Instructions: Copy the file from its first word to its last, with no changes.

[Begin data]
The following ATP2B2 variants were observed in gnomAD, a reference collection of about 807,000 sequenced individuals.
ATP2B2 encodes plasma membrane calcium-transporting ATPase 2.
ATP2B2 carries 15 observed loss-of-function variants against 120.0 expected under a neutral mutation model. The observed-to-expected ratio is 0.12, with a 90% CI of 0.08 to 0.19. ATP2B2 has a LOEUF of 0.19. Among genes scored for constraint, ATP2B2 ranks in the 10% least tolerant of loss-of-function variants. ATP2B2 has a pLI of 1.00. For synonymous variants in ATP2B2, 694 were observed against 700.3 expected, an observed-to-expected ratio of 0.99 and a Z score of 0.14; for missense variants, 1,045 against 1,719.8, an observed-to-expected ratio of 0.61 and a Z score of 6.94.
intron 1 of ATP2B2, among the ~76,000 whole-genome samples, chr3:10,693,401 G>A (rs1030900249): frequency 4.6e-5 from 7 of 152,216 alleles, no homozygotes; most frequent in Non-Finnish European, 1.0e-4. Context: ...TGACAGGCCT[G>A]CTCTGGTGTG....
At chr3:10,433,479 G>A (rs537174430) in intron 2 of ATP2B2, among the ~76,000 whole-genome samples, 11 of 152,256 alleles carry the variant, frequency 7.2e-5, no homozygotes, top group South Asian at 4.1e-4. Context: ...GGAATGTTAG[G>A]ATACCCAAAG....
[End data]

The following ATP2B2 variants were observed in gnomAD, a reference collection of about 807,000 sequenced individuals.
ATP2B2 encodes plasma membrane calcium-transporting ATPase 2.
ATP2B2 carries 15 observed loss-of-function variants against 120.0 expected under a neutral mutation model. The observed-to-expected ratio is 0.12, with a 90% CI of 0.08 to 0.19. ATP2B2 has a LOEUF of 0.19. Among genes scored for constraint, ATP2B2 ranks in the 10% least tolerant of loss-of-function variants. ATP2B2 has a pLI of 1.00. For synonymous variants in ATP2B2, 694 were observed against 700.3 expected, an observed-to-expected ratio of 0.99 and a Z score of 0.14; for missense variants, 1,045 against 1,719.8, an observed-to-expected ratio of 0.61 and a Z score of 6.94.
intron 1 of ATP2B2, among the ~76,000 whole-genome samples, chr3:10,693,401 G>A (rs1030900249): frequency 4.6e-5 from 7 of 152,216 alleles, no homozygotes; most frequent in Non-Finnish European, 1.0e-4. Context: ...TGACAGGCCT[G>A]CTCTGGTGTG....
At chr3:10,433,479 G>A (rs537174430) in intron 2 of ATP2B2, among the ~76,000 whole-genome samples, 11 of 152,256 alleles carry the variant, frequency 7.2e-5, no homozygotes, top group South Asian at 4.1e-4. Context: ...GGAATGTTAG[G>A]ATACCCAAAG....